I think that the biggest problem I had with this book was that it’s 557 pages and hardly anything happens. Jason, Piper, and Leo run around on their quest, encountering all of these gods and characters from various myths, but I don’t really feel like I got 557 pages of plot. And that’s not to say that it’s a bad book or anything. Riordan is setting up three brand new characters, all with their own backstories and problems and goals, but yikes, I hope the rest of the series is more interesting than this book.

I really want to love Rick Riordan’s books, but I just don’t so far. I might give Son of Neptune a try, but I’m going to get through some more of my TBR first.

#mm20: winter wonderland


Have you read The Lost Hero? Is it on your TBR?
Let’s talk in the comments!

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Tag: Bob’s Burgers Book Tag

I saw Rebecca do this tag a few months ago and I had to steal it! Bob’s Burgers is one of my favorite shows and this tag looked like so much fun!

This tag was created by Anna from Unquenchable Reads and Sabrina from Slaybrina.


Bob Belcher: A book in which everything that could go wrong, goes wrong.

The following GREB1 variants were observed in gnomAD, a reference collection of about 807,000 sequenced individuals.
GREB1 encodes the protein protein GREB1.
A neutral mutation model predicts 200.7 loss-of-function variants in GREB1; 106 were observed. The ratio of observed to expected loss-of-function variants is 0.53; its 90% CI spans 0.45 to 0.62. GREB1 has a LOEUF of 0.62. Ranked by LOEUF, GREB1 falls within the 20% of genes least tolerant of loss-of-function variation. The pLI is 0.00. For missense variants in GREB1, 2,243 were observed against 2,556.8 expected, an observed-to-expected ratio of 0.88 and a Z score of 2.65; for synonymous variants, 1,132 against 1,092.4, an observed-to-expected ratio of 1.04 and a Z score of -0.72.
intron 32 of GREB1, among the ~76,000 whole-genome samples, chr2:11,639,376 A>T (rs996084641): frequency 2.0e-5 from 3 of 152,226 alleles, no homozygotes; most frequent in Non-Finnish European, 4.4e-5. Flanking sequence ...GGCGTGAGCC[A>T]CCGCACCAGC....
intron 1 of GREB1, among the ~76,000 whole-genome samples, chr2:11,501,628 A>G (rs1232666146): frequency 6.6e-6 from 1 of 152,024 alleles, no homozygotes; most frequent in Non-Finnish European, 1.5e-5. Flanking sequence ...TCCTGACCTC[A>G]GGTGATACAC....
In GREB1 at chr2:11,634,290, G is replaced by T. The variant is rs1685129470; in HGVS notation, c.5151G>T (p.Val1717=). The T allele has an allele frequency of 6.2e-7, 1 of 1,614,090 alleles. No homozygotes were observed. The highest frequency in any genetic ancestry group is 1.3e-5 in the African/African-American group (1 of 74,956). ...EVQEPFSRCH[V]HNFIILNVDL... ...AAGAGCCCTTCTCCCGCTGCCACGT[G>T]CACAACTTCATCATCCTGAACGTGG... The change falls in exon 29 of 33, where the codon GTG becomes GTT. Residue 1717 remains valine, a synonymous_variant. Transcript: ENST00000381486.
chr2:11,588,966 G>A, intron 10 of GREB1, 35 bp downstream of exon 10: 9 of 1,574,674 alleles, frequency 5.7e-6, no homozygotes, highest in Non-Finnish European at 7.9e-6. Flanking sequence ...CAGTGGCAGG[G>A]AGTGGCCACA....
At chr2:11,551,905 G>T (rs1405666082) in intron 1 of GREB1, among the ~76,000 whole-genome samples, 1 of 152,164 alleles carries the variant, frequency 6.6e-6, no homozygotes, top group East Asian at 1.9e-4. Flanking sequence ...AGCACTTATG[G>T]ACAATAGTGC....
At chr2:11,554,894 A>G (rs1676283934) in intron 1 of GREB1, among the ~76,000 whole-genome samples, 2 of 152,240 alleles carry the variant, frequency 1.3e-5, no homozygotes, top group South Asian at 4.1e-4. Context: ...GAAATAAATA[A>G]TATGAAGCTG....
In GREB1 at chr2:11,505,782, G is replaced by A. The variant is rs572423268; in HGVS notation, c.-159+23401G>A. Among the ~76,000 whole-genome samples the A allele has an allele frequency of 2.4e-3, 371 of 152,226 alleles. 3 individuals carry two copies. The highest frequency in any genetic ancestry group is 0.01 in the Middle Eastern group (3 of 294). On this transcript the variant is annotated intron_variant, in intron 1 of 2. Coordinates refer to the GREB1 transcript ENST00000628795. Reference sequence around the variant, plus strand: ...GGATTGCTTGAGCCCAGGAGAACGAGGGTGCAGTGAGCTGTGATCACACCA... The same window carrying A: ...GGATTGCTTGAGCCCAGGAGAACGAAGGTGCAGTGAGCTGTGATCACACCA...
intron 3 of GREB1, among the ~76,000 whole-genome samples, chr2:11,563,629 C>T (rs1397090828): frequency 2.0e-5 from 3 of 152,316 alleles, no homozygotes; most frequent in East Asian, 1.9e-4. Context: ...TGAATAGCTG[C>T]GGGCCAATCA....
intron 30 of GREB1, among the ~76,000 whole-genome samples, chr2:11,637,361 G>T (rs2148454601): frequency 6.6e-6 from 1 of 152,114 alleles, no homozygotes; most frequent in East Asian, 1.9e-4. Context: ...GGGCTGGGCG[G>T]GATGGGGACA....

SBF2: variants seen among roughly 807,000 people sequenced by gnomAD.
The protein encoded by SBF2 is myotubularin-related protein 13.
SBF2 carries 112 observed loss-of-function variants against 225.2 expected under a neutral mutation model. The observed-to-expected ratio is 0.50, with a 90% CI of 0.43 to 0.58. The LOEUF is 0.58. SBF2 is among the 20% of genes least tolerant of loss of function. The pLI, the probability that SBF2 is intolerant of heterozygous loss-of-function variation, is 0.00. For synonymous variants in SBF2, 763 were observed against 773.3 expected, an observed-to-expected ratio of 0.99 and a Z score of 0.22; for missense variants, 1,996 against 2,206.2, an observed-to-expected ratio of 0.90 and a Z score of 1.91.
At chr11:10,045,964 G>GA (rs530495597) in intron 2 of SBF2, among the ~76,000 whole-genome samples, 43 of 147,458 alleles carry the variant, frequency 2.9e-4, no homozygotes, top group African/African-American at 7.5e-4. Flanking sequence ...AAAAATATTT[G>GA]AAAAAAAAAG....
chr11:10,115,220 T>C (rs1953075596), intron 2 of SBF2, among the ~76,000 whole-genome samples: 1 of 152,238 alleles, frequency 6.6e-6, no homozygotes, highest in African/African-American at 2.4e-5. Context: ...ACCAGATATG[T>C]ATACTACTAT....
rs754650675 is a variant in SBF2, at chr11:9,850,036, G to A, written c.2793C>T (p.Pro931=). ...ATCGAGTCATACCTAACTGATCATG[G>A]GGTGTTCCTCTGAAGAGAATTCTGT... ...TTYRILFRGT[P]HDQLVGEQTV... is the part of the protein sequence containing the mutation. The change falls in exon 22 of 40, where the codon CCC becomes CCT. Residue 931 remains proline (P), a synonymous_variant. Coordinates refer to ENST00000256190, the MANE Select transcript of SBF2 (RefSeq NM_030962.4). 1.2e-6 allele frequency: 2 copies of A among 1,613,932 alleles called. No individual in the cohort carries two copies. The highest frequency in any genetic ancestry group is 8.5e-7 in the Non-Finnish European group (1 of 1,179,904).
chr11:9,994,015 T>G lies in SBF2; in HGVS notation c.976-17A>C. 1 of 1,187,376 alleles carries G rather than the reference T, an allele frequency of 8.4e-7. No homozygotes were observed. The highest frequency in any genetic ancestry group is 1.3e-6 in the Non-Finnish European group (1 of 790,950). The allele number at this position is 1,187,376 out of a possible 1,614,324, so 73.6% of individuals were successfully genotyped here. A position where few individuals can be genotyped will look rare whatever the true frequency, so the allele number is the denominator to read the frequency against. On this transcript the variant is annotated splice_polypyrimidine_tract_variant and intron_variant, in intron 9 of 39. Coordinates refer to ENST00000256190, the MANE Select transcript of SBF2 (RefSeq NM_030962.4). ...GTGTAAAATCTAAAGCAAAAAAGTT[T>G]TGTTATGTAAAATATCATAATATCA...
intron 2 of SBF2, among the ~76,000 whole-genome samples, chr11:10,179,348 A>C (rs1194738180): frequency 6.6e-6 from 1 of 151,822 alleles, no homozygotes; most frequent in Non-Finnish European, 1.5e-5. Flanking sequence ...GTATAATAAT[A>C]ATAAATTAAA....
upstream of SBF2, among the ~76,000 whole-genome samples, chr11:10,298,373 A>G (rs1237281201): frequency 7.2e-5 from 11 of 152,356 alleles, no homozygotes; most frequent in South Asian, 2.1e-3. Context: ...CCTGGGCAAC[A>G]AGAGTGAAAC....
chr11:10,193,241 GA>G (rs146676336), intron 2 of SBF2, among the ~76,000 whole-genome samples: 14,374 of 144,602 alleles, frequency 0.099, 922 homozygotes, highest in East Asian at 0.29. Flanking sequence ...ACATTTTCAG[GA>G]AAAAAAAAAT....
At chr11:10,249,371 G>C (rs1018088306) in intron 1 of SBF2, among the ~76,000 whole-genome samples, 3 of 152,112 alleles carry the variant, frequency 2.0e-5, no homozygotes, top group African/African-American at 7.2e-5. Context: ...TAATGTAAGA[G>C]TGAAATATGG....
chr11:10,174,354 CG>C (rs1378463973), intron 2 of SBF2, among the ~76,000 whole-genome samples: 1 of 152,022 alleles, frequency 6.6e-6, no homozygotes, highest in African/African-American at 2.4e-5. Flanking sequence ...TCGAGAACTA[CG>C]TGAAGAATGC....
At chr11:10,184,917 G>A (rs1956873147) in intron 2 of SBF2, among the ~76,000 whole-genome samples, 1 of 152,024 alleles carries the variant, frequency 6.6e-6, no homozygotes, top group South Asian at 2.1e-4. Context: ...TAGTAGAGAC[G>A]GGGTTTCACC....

Save the Date is basically a comedy of errors. Anything and everything goes wrong at this wedding, and it’s great.

Linda Belcher: A book that showcases a positive outlook on life.

In The One Hundred Nights of Hero, Cherry and Hero never give up on their goal to save Cherry from her wicked husband’s games.

Tina Belcher: A book that gave you second-hand embarrassment.

I was mostly embarrassed that this book was even published.

Gene Belcher: A book you got easily distracted from reading.

It took me forever to read Wild Beauty because I kept getting distracted. The writing style was super flowery and the mystery wasn’t enough to keep me interested in the story.

Louise Belcher: A book that features crazy adventures.

The Babysitters Coven ended up being way more adventure-focused than I’d anticipated!


If you love Bob’s Burgers, I tag you! What’s a book that gave you second-hand embarrassment? What’s a book you got distracted while reading? Let’s talk in the comments?